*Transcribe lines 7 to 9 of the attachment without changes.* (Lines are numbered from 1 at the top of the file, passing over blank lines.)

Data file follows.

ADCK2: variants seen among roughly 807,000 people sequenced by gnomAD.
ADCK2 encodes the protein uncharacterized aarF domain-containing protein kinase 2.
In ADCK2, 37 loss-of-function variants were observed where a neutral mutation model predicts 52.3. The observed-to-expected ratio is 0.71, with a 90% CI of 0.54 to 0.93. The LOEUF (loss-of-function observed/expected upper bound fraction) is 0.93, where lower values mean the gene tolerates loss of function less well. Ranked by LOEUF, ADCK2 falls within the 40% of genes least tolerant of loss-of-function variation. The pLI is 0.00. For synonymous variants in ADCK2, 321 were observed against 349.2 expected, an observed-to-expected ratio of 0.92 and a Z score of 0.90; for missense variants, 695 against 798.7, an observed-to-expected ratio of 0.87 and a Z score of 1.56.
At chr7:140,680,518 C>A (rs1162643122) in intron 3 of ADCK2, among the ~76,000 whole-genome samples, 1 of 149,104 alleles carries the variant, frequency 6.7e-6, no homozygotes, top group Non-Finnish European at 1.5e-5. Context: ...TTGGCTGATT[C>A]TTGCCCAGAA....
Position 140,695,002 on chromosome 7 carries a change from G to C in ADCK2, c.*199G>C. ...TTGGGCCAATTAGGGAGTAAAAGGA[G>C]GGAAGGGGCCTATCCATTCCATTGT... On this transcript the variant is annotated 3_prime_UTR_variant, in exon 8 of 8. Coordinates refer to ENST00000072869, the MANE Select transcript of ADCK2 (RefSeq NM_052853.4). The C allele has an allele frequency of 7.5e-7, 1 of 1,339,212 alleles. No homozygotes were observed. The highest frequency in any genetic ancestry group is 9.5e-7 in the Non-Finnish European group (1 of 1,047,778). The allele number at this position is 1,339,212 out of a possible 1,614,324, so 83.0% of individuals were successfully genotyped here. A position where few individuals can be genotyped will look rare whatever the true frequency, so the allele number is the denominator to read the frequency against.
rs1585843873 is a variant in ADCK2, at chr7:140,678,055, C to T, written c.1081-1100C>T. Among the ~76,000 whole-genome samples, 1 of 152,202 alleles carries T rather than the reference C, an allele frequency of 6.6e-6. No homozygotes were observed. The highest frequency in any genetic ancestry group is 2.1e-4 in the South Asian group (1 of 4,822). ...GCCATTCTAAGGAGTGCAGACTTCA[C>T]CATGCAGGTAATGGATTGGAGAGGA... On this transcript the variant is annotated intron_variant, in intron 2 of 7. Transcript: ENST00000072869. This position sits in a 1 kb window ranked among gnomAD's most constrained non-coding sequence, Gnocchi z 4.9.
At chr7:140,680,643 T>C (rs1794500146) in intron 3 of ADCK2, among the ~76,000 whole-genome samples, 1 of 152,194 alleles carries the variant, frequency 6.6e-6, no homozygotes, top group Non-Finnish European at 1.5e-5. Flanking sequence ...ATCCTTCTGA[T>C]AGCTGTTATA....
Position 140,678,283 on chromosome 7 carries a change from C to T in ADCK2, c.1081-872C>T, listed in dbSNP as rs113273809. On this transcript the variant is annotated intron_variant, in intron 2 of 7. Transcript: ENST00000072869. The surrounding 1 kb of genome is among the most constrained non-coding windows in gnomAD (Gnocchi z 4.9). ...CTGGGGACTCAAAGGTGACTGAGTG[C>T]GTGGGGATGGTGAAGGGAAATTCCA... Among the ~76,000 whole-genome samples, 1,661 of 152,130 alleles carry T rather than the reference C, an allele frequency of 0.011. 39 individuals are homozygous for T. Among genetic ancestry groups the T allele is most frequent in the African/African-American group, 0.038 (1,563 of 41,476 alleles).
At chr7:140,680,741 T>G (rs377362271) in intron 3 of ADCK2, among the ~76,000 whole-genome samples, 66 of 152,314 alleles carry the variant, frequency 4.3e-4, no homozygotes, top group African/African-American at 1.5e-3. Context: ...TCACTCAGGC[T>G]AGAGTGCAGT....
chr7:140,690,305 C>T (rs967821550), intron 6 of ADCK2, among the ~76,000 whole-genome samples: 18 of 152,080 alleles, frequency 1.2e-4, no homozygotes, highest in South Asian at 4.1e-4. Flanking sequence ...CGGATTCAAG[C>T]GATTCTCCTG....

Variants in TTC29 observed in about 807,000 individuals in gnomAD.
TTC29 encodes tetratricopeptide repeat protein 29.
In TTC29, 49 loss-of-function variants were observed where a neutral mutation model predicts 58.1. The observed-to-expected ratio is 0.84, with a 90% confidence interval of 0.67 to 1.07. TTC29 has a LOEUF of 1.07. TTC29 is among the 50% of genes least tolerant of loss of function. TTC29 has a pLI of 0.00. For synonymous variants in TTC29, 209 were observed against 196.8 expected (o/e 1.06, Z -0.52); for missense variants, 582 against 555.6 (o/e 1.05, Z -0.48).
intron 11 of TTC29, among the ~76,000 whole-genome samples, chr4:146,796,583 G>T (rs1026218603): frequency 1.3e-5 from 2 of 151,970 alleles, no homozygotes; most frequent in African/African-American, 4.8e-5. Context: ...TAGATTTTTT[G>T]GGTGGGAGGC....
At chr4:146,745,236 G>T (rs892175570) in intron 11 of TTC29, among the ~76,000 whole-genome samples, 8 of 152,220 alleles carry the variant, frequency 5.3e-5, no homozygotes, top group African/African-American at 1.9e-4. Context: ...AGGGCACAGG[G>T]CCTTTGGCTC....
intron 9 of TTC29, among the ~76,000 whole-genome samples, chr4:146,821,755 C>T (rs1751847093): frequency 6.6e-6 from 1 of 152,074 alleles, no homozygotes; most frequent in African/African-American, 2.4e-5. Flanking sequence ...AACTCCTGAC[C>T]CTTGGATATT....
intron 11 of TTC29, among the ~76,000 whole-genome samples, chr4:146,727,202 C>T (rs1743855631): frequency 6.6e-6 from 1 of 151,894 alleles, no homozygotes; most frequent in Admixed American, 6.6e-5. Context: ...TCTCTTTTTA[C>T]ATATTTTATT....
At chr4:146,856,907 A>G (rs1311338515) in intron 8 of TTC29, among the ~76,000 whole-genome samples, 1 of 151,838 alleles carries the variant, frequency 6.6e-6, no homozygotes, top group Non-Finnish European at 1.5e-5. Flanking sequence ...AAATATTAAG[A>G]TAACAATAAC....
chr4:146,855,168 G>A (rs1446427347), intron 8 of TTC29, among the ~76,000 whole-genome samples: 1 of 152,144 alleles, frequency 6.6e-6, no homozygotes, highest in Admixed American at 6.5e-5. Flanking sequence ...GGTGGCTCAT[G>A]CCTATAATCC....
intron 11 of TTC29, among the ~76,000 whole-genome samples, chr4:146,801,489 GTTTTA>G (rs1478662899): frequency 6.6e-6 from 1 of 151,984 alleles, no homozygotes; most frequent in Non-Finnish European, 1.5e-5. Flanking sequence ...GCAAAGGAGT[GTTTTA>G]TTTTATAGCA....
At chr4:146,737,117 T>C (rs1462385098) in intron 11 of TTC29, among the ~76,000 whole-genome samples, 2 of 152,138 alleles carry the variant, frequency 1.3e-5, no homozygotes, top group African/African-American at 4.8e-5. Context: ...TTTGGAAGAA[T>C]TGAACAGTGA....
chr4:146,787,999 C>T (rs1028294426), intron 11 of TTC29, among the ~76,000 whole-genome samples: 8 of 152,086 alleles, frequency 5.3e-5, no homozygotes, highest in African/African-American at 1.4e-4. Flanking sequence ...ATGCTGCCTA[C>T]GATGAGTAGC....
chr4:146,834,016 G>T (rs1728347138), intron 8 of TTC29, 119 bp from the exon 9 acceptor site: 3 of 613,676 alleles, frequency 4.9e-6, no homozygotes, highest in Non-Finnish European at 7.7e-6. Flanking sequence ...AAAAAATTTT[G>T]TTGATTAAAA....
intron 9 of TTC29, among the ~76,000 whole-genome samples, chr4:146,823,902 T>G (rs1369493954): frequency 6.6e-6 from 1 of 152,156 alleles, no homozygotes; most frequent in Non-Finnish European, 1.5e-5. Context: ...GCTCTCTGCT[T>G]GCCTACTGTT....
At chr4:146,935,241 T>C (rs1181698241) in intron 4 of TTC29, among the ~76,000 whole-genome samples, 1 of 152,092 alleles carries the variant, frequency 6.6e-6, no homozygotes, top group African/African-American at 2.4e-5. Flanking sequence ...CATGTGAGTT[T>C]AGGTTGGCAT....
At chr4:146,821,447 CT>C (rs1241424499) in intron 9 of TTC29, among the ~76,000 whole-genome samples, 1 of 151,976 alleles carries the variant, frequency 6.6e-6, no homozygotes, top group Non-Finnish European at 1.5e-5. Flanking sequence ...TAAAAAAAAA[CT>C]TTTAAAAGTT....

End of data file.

At chr7:140,680,643 T>C (rs1794500146) in intron 3 of ADCK2, among the ~76,000 whole-genome samples, 1 of 152,194 alleles carries the variant, frequency 6.6e-6, no homozygotes, top group Non-Finnish European at 1.5e-5. Flanking sequence ...ATCCTTCTGA[T>C]AGCTGTTATA....
Position 140,678,283 on chromosome 7 carries a change from C to T in ADCK2, c.1081-872C>T, listed in dbSNP as rs113273809. On this transcript the variant is annotated intron_variant, in intron 2 of 7. Transcript: ENST00000072869. The surrounding 1 kb of genome is among the most constrained non-coding windows in gnomAD (Gnocchi z 4.9). ...CTGGGGACTCAAAGGTGACTGAGTG[C>T]GTGGGGATGGTGAAGGGAAATTCCA... Among the ~76,000 whole-genome samples, 1,661 of 152,130 alleles carry T rather than the reference C, an allele frequency of 0.011. 39 individuals are homozygous for T. Among genetic ancestry groups the T allele is most frequent in the African/African-American group, 0.038 (1,563 of 41,476 alleles).
At chr7:140,680,741 T>G (rs377362271) in intron 3 of ADCK2, among the ~76,000 whole-genome samples, 66 of 152,314 alleles carry the variant, frequency 4.3e-4, no homozygotes, top group African/African-American at 1.5e-3. Context: ...TCACTCAGGC[T>G]AGAGTGCAGT....